smoke coming out of my ears!!! - page 3

alright everybody....i came across this in the paper and the last 2 paragraphs have me fuming....:angryfire as usual, i was turning to you guys to find out your thoughts on this. for those of... Read More

  1. by   NurseGirlKaren
    Well said Suzanne!!
  2. by   sweetnepenthe
    Of course, we will all believe Mr. Snyder's clarification.

    I worked 3-11 on a Med-Surg/telemetry floor in 1985 when DRGs first hit. The hospital panicked about reimbursement and cut staff drastically--they left 2 RNs and 2 LPNs on: for 36 patients. Of course, we had no computers then. That helped, I guess.

    I transferred to the 8-bed ICCU: still only 2 RNs, no LPNs or aides, but less walking as there were no long halls. On days, we had the luxury of a unit clerk.

    I went into anesthesia; more money/one patient at a time.

    Sounds like the Suits' attitudes haven't changed a bit.
  3. by   AHRN
    Just a thought about the number of RNs, LPNs and assistants (aides).
    Are they talking number of persons, full-time (40hour/week) equivalents, or something else?
    If I count all the zero-based, prn staff in our unit it sounds like we have a huge staff when actual FTE is 6.
  4. by   bestblondRN
    Originally posted by sweetnepenthe
    Of course, we will all believe Mr. Snyder's clarification.

    Sounds like the Suits' attitudes haven't changed a bit.
    Here is the email I received from Jerry Davich re: Mr. Snyder's statement:

    Hello Suzanne,

    Thanks for writing.

    Unfortunately, not all of Andrew's comments made it to the final version of my story, and the one that did was taken a bit out of context.

    Andrew's brief comment was meant to reflect how a "bunch of (ratio) numbers" in a study can in no way replace a doctor's referral, or word of mouth advertising for a
    hospital. It had nothing to do with the importance of RNs.

    And I'm making attempts to contact Andrew, too.

    Thanks for your time.

    The Times
    ************************************************** **

    Thank you Shannon for posting the "clarification". I just have to share with all of you what happened to me on Thursday that fit right along the lines of Mr. Snyder's statement. I was taking care of a VIP (G*D, I hate that term--all my patients are VIPs in my book!!!!!) who is a big benefactor to the hospital (and of course made sure that EVERYONE knew it). I was trying to teach this man how to give himself injections, since, at the last minute, the attending decided to send him home on Lovenox. The attending walks in dring the middle of my teaching session and says, "If you'll excuse us, I need to speak with Mr. X and his wife." I was LIVID!!!!! It turns out that they were making plans for when the patient and the physician were going to fly down to another state for a baseball game! I couldn't let it go, especially after I went back into the room and the patient told me what they had discussed. I saw the physician on the unit later that day and asked if I could speak with him. I said, "I was very angry and felt as though I was being dismissed when you came to see Mr. X earlier. I was in the middle of teaching him how to give himself the Lovenox injections that you ordered. I think that held a higher priority than making social plans to go to a baseball game, don't you?" The physician, who is someone I have never had a problem with, just looked at me incredulously, and said, "You're right, and I apologize. I didn't dismiss you, but I see why you thought I did." I went on to explain that my time (I had 3 patients in the ICU, and was BUSY!) was no less valuable than his, and that I, too, had a lot to do that day, and perhaps the conversation he had with the patient would have been best held outside of the hospital. He apologized again and thanked me for bringing it to his attention.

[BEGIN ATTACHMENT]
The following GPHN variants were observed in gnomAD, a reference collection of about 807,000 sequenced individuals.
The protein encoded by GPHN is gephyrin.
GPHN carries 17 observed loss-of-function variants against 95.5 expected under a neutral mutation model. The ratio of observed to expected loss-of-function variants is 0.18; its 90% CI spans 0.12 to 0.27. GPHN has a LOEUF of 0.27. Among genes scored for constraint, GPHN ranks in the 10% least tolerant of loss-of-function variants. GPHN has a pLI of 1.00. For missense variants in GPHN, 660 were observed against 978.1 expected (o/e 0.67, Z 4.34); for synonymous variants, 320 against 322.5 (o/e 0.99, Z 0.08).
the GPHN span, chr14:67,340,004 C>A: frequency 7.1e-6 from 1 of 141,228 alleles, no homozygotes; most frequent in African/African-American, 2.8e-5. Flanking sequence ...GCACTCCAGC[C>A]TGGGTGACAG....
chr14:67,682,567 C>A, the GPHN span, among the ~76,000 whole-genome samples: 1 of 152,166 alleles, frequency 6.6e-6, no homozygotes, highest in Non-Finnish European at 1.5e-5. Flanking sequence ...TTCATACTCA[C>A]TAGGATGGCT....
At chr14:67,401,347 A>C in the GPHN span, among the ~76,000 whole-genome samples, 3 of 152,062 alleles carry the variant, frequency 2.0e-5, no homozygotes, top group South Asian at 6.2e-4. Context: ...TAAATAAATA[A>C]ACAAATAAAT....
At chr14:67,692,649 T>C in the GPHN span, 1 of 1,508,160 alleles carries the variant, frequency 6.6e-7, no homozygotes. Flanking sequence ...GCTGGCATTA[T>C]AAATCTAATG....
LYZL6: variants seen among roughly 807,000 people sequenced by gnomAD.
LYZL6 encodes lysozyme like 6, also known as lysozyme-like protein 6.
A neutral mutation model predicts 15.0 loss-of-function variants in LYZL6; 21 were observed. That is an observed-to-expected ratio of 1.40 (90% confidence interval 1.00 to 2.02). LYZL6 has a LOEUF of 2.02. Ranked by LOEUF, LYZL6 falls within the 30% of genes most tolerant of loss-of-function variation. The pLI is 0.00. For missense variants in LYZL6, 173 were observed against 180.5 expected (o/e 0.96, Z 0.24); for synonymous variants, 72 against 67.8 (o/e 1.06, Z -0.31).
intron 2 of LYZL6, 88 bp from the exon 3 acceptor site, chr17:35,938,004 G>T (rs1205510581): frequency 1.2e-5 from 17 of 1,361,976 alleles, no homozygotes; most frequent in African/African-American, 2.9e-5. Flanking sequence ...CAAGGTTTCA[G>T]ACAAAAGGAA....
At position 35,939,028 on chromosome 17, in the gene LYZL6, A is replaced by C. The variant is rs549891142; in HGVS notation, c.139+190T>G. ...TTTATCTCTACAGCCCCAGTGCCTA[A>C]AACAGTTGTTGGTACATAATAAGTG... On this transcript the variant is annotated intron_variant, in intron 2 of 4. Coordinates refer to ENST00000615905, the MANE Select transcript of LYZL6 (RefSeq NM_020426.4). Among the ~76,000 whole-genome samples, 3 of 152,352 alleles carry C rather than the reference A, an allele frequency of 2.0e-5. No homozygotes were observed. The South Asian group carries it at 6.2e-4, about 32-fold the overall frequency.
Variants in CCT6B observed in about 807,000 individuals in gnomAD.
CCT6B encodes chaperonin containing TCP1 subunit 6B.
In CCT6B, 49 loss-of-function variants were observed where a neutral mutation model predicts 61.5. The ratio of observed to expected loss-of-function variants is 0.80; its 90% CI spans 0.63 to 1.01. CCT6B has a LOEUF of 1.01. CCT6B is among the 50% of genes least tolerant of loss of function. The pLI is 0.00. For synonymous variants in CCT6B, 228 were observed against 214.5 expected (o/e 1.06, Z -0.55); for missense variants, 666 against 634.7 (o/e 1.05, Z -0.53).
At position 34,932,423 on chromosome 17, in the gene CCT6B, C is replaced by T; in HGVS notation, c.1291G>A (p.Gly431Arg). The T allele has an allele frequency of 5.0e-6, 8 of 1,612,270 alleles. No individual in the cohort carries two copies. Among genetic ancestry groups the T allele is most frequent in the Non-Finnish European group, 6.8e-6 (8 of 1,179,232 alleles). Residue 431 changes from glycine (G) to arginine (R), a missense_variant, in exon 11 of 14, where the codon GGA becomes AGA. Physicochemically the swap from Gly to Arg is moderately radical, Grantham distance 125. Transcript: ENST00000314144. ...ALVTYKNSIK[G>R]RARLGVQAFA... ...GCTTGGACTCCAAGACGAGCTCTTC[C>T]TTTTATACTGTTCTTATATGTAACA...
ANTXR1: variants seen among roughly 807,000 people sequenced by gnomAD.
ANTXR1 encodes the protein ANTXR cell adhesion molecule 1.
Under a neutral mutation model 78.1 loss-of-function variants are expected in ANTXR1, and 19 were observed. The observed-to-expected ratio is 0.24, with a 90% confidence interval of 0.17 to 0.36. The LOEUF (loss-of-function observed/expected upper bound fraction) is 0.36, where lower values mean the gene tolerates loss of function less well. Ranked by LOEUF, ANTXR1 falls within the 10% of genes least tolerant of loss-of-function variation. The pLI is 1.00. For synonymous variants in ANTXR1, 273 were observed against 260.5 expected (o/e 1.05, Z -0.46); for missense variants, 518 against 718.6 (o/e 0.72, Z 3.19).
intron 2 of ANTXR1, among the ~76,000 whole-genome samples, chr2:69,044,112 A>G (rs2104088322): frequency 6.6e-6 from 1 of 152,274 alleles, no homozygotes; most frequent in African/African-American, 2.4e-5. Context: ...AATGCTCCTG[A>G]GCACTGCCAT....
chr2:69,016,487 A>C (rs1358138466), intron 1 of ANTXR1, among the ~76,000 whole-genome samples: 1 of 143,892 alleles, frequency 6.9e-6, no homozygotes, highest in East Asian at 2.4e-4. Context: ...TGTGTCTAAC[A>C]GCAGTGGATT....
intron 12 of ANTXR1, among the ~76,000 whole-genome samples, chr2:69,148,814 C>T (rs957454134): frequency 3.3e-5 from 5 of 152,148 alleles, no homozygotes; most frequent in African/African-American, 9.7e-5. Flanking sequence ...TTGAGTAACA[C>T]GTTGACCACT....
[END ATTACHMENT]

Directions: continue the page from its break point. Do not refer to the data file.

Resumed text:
I think I accomplished what I needed to with this physician, although the patient and his wife are still walking away with the belief that the nurse is subservient to the physician. It is this sort of behavior from docs that we must NEVER tolerate--no matter how innocuous. If we are to change public perception, then we have to do it by correcting this kind of behavior when it happens so that patients and families never see this sort of interaction between a doc and a nurse.

    I don't think most people, and evidently this includes hospital "suits", have any clue about the things that nurses and other members of the healthcare team do to deliver and support patient care, so I guess that makes it OUR job to educate them!

    Enough said......over and out........

  5. by   DelGR

    Good for you. I've had to do that a time or two. It may be uncomfortable at first but it is necessary. I'm proud of you!!!!!!
  6. by   JailRN
    He's a pig. What else can I say?
  7. by   CATHYW
    Until there is an increase in respect for nurses, and recognition for our intelligence and capabilities, ignorant, and irresponsible "quotes" like these will continue to appear. I can certainly see why you have smoke coming from your ears! Some of these newsfolks and hospital corporate-types should have to follow a floor nurse, step-for-step, for a week. I'll bet that their tune would change then!
  8. by   bestblondRN
    Thank you all for the support and encouragement following my last several posts.

    Love ya' guyz...........